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Note: this is a companion article to last week's column at the Washington Post.

One of the common defenses of a run-heavy offense is that offenses need to make their third downs “manageable,” meaning short enough so that conversion is easier. The thinking goes that if an offense runs on either or both first and second down, it is relatively assured of shorter rather than longer distances on third down. At first look, this makes a lot of sense. After all, who wants to face third and long?

There are two problems with this argument. The first is that football is not a game of piling up first downs. The days of inching toward the goal line on 18-play drives are long gone if they ever existed at all. Football is, for the most part, a game of maximizing score differential, and the concept of Expected Points shows that NFL offenses are generally running too often on first and second down.

The second problem is that even if gaining a first down is the primary objective, running on first down is becoming a worse idea every year. The graph below shows that passing on first down leads to a conversion more often than running on first down. As usual, I limited the data to plays in ‘normal’ football situations, when the score is relatively close and time is not yet a factor at the end of either half.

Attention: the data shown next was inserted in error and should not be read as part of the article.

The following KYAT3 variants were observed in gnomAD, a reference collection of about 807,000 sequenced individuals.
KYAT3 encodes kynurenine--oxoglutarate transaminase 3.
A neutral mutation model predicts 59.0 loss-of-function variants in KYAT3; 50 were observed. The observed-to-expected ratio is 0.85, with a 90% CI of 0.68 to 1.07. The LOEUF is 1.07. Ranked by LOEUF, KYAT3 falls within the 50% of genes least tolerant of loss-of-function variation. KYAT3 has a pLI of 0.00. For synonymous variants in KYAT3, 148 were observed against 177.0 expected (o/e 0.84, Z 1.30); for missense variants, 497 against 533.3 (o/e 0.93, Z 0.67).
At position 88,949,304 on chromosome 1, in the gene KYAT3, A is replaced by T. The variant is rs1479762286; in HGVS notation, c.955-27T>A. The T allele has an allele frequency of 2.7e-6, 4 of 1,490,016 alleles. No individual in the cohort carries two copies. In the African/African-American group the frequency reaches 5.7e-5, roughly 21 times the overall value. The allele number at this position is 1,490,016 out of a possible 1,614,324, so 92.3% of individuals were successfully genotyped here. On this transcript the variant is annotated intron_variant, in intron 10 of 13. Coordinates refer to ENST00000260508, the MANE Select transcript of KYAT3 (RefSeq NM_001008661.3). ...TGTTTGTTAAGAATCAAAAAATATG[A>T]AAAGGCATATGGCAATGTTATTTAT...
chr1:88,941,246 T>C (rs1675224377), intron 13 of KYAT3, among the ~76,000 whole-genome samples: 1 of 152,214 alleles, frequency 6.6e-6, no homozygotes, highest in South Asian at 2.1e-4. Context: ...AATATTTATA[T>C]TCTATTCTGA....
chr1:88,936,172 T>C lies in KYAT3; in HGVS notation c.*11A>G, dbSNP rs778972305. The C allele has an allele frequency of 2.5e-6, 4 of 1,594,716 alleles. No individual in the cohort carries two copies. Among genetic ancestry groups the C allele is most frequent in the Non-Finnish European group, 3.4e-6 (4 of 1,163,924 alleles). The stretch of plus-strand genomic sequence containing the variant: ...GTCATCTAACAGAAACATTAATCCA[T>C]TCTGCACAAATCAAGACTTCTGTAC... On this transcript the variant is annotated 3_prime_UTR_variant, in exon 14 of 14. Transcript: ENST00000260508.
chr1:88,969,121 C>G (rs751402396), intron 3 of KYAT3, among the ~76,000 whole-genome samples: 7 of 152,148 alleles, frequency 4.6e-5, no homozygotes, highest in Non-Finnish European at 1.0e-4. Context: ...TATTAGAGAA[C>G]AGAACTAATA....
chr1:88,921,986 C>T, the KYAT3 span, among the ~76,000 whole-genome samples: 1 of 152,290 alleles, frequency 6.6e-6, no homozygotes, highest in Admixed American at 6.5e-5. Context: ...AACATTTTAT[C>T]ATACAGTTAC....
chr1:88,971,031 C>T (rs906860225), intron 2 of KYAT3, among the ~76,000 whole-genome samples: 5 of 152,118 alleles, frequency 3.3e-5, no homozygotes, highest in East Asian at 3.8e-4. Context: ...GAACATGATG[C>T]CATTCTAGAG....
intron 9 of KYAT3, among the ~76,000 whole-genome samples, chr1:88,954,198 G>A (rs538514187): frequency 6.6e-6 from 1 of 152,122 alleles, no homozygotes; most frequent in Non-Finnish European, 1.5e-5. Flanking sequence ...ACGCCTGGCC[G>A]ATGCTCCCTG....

Whatever the reason, it’s apparent that running to move the chains makes an offense less likely to convert. There are very good reasons for running and some situations do call for a run-heavy strategy mix, but it does not make an offense more likely to convert.

What if the first down pass falls incomplete? Should the offense run to more or less guarantee a more ‘manageable’ third down, or should it pass more often? The next graph shows conversion percentages on 2nd and 10.

Passing remains the more successful option, and every year it is becoming more successful.

Here’s where it gets a little more interesting. On third and 10, passing is no more successful than running at converting.

Teams run so infrequently in that situation that defenses are less prepared. This tells us offenses (and defenses) are choosing the two strategies in the correct proportion, at least as long as converting is the measure of ultimate utility. Why are offenses consistently correct on third down but off the mark on 1st and 2nd downs?

I think the answer is that the results of each strategy are immediately apparent to coaches and coordinators on third down but not on first or second down. The feedback is not a statistical abstraction like ‘future probability of conversion’ or Expected Points, but rather an instantly concrete result. Either the punting team is jogging onto the field or your offense just successfully moved the chains. It’s much easier to statistically, or even intuitively, find the optimum mix when the results are immediately apparent.